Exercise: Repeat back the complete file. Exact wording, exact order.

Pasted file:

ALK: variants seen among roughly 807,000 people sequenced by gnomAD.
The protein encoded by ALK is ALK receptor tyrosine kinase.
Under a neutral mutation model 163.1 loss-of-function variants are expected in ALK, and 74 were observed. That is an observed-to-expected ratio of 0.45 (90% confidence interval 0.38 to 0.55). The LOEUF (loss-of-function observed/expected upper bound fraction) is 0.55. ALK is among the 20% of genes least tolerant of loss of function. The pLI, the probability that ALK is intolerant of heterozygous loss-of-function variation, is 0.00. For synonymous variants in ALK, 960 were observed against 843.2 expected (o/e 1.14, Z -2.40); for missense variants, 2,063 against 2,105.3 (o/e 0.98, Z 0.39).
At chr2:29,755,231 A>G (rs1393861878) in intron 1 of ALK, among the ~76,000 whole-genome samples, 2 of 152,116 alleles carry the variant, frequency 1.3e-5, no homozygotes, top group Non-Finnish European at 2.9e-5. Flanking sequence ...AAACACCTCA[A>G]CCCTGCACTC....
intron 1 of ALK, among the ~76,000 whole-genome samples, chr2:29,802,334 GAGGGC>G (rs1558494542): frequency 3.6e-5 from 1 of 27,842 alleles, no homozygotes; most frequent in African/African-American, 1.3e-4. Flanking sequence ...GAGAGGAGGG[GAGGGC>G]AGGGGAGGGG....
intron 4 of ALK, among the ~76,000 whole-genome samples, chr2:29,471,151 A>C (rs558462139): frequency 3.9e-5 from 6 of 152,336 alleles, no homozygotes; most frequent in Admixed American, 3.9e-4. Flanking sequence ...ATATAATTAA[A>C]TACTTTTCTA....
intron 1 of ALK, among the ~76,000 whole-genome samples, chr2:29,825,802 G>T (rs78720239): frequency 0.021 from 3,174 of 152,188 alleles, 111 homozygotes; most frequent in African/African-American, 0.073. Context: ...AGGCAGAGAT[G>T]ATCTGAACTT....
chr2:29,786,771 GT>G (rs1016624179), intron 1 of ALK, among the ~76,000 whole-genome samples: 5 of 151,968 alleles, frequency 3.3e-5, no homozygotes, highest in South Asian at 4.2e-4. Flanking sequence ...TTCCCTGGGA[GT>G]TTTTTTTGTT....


ALK: variants seen among roughly 807,000 people sequenced by gnomAD.
The protein encoded by ALK is ALK receptor tyrosine kinase.
Under a neutral mutation model 163.1 loss-of-function variants are expected in ALK, and 74 were observed. That is an observed-to-expected ratio of 0.45 (90% confidence interval 0.38 to 0.55). The LOEUF (loss-of-function observed/expected upper bound fraction) is 0.55. ALK is among the 20% of genes least tolerant of loss of function. The pLI, the probability that ALK is intolerant of heterozygous loss-of-function variation, is 0.00. For synonymous variants in ALK, 960 were observed against 843.2 expected (o/e 1.14, Z -2.40); for missense variants, 2,063 against 2,105.3 (o/e 0.98, Z 0.39).
At chr2:29,755,231 A>G (rs1393861878) in intron 1 of ALK, among the ~76,000 whole-genome samples, 2 of 152,116 alleles carry the variant, frequency 1.3e-5, no homozygotes, top group Non-Finnish European at 2.9e-5. Flanking sequence ...AAACACCTCA[A>G]CCCTGCACTC....
intron 1 of ALK, among the ~76,000 whole-genome samples, chr2:29,802,334 GAGGGC>G (rs1558494542): frequency 3.6e-5 from 1 of 27,842 alleles, no homozygotes; most frequent in African/African-American, 1.3e-4. Flanking sequence ...GAGAGGAGGG[GAGGGC>G]AGGGGAGGGG....
intron 4 of ALK, among the ~76,000 whole-genome samples, chr2:29,471,151 A>C (rs558462139): frequency 3.9e-5 from 6 of 152,336 alleles, no homozygotes; most frequent in Admixed American, 3.9e-4. Flanking sequence ...ATATAATTAA[A>C]TACTTTTCTA....
intron 1 of ALK, among the ~76,000 whole-genome samples, chr2:29,825,802 G>T (rs78720239): frequency 0.021 from 3,174 of 152,188 alleles, 111 homozygotes; most frequent in African/African-American, 0.073. Context: ...AGGCAGAGAT[G>T]ATCTGAACTT....
chr2:29,786,771 GT>G (rs1016624179), intron 1 of ALK, among the ~76,000 whole-genome samples: 5 of 151,968 alleles, frequency 3.3e-5, no homozygotes, highest in South Asian at 4.2e-4. Flanking sequence ...TTCCCTGGGA[GT>G]TTTTTTTGTT....